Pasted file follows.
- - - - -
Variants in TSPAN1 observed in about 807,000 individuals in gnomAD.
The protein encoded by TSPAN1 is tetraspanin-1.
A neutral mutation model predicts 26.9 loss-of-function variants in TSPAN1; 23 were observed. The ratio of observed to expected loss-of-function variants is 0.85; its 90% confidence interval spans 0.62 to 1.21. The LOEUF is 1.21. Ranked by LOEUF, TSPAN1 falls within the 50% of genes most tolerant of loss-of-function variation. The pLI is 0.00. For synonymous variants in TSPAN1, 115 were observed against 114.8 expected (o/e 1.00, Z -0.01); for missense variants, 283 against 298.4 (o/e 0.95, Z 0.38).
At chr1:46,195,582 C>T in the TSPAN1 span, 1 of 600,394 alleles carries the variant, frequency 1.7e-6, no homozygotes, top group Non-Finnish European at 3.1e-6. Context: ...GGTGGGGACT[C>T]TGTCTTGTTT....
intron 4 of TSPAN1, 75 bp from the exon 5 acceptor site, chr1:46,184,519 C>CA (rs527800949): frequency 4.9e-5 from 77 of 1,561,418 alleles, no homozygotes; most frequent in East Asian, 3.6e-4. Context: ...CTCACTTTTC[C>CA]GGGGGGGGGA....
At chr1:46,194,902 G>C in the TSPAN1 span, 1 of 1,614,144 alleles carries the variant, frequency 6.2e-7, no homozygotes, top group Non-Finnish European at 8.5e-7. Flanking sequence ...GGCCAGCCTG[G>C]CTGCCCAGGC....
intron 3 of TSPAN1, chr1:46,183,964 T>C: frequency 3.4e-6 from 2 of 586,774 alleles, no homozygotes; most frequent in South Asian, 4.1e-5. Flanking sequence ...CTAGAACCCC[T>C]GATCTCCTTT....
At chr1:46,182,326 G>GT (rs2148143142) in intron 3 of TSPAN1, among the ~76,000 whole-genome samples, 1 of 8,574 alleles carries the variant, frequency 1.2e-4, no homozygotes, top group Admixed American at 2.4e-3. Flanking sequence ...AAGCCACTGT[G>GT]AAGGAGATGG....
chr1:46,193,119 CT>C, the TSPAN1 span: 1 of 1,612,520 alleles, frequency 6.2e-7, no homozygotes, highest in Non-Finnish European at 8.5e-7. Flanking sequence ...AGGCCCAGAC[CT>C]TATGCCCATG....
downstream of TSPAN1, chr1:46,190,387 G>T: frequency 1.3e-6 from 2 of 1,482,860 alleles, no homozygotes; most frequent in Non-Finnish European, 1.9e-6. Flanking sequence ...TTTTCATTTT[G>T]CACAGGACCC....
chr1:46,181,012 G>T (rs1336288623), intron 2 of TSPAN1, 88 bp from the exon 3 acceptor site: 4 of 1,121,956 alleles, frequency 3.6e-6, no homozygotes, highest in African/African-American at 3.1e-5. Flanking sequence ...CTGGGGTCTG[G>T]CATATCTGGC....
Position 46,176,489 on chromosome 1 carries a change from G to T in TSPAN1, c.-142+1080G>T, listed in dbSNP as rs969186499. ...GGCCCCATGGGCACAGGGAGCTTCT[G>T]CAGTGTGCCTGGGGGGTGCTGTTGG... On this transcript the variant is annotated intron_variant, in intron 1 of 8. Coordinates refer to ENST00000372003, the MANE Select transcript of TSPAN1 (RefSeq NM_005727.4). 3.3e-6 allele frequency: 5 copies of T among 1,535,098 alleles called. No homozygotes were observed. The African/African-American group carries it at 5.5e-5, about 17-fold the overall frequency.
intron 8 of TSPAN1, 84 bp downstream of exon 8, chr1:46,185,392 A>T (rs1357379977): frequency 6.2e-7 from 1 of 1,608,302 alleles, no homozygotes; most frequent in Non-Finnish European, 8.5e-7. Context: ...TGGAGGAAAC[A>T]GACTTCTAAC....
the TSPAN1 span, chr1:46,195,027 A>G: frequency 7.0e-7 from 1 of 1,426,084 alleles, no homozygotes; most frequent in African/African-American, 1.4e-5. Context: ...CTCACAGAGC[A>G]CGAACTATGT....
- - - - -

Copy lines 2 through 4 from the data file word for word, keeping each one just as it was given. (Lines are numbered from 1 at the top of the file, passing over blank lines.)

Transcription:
The protein encoded by TSPAN1 is tetraspanin-1.
A neutral mutation model predicts 26.9 loss-of-function variants in TSPAN1; 23 were observed. The ratio of observed to expected loss-of-function variants is 0.85; its 90% confidence interval spans 0.62 to 1.21. The LOEUF is 1.21. Ranked by LOEUF, TSPAN1 falls within the 50% of genes most tolerant of loss-of-function variation. The pLI is 0.00. For synonymous variants in TSPAN1, 115 were observed against 114.8 expected (o/e 1.00, Z -0.01); for missense variants, 283 against 298.4 (o/e 0.95, Z 0.38).
At chr1:46,195,582 C>T in the TSPAN1 span, 1 of 600,394 alleles carries the variant, frequency 1.7e-6, no homozygotes, top group Non-Finnish European at 3.1e-6. Context: ...GGTGGGGACT[C>T]TGTCTTGTTT....